While breast cancer screening tests are accepted as safe – and we definitely wouldn’t want to scare anyone off from a potentially life-saving test – they do have some risks associated with them. The most obvious being the exposure to low doses of ionizing radiation, which in itself is a risk factor for breast cancer. X-ray mammography can also give false positive and negative results. In the quest for a safer, more accurate alternative, Dutch researchers have provided proof of concept that photoacoustic imaging can be used to detect and visualize breast tumors.
Photoacoustic imaging is a hybrid optical and acoustical imaging technique in which biological tissue is exposed to non-ionizing laser pulses. Because malignant tissue absorbs more light, it increases in temperature and expands when exposed to the laser pulses. This thermal expansion creates a pressure wave that can then be detected and converted into an image using ultrasound.
Using this approach, researchers from the University of Twente and Medisch Spectrum Twente Hospital in Oldenzaal created a specialized device called the Twente Photoacoustic Mammoscope (PAM) and built it into a hospital bed so the patient can lay prone while laser light at a wavelength of 1,064 nanometers scans her breast. An ultrasound detector placed on one side of the breast detects the photoacoustic signals, which are then processed by the PAM system and reconstructed into images. Areas of abnormally high intensity will indicate malignant tissue, while areas of low intensity will indicate benign tissue.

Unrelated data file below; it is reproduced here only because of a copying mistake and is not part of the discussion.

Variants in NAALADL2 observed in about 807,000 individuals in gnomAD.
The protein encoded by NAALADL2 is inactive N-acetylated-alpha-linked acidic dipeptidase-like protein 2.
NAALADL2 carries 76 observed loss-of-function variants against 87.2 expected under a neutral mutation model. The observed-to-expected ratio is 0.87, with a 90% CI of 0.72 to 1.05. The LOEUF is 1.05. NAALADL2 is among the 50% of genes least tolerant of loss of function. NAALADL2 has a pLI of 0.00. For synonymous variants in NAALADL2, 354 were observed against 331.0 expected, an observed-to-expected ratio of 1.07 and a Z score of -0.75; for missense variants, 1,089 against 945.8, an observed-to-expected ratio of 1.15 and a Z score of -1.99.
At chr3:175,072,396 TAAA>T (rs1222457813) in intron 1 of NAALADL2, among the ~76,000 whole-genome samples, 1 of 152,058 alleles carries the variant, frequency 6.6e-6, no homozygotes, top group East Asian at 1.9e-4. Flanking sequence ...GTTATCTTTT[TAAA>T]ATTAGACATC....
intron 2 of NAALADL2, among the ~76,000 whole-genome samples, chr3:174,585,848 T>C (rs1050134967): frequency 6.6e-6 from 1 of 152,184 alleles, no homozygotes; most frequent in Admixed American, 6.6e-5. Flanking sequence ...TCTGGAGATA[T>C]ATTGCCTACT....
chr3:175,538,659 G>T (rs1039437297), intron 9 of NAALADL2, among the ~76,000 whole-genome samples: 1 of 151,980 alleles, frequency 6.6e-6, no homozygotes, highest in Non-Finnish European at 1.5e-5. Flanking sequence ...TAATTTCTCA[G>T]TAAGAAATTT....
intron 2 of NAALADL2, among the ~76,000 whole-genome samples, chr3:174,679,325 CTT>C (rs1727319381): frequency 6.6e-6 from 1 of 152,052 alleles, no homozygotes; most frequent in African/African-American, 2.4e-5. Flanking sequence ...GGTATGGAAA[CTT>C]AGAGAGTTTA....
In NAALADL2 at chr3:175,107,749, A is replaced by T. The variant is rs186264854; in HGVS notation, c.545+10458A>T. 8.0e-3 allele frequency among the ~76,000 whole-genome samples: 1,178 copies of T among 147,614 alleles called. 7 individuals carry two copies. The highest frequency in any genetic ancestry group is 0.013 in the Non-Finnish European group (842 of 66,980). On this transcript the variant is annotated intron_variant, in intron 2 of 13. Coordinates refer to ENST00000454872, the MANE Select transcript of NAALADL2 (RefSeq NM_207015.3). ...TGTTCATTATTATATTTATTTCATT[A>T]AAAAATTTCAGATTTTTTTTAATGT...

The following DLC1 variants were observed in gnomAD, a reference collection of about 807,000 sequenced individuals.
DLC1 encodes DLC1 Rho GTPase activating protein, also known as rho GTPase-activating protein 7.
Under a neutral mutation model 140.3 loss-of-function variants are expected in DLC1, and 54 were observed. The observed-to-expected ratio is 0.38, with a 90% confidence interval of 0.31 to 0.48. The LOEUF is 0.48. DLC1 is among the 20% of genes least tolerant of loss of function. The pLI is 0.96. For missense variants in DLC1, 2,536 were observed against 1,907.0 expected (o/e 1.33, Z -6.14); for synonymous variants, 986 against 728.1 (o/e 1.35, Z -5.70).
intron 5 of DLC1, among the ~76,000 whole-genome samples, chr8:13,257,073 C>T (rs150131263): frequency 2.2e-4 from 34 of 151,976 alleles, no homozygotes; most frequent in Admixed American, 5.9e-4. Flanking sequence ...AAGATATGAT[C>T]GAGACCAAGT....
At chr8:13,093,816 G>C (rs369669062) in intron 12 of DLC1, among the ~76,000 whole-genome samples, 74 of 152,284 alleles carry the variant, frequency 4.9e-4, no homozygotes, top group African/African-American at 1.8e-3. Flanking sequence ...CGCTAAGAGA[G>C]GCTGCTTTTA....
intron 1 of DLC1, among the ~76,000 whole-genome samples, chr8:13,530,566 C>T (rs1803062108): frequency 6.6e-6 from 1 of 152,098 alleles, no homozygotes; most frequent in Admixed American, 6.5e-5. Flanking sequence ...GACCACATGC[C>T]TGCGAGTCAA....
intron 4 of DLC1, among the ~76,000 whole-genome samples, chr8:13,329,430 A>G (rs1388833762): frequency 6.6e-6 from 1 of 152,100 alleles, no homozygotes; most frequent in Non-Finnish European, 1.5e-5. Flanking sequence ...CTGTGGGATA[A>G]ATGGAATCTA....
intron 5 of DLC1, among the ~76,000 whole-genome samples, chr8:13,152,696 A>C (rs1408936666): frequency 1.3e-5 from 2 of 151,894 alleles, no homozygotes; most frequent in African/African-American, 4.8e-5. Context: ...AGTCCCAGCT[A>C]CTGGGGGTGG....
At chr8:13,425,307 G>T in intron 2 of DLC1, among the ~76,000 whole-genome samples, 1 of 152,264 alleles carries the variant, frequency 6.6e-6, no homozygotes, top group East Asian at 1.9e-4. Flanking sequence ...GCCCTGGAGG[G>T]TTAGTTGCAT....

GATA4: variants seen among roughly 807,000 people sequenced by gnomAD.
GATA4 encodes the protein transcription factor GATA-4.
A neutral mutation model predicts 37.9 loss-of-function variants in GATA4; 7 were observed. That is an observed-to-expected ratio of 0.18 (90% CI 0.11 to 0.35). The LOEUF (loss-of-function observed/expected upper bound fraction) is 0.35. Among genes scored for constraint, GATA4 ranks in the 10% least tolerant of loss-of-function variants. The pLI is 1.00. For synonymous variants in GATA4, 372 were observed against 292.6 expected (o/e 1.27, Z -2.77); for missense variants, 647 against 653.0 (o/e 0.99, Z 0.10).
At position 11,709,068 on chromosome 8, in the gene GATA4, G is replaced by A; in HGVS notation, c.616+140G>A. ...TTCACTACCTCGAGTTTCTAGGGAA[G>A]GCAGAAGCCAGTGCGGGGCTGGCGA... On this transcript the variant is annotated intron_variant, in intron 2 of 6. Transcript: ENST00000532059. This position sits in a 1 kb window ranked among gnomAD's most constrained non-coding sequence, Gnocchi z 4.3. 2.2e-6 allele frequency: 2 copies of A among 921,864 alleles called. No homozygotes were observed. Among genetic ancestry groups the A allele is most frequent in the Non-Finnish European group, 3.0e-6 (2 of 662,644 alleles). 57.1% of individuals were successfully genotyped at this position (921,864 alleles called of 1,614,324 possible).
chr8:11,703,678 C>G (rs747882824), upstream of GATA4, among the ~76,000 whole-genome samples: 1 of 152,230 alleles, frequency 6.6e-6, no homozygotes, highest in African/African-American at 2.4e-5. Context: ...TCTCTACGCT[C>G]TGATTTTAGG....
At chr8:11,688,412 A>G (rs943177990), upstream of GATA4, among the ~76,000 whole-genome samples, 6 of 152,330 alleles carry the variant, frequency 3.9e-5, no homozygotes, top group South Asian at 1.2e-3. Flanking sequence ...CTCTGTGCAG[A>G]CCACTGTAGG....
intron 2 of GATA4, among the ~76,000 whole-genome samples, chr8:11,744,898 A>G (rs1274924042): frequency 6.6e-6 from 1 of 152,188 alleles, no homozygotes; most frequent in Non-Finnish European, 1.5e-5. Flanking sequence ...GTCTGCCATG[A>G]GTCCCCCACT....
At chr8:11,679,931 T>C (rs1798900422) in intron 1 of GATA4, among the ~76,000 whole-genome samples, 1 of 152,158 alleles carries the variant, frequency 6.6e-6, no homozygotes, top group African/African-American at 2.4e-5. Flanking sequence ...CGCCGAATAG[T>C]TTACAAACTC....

When they compared the performance of the system with conventional diagnostic X-rays, ultrasound imaging, MRI, and tissue exams, the researchers found that malignancies produced a distinct photoacoustic signal. Additionally, the photoacoustic contrast of the malignant tissue was found to be higher than the contrast provided by conventional X-ray mammographies.
"PAM needs some technical improvements before it is a really valuable clinical tool for diagnosis or treatment of breast cancer,” said Michelle Heijblom, a Ph.D. student at the University of Twente. “Our next step is to make those improvements and then evaluate less obvious potential tumors, benign lesions, and normal breasts with it."
The research team’s paper appears in the Optical Society’s open-access journal Optics Express.
Source: The Optical Society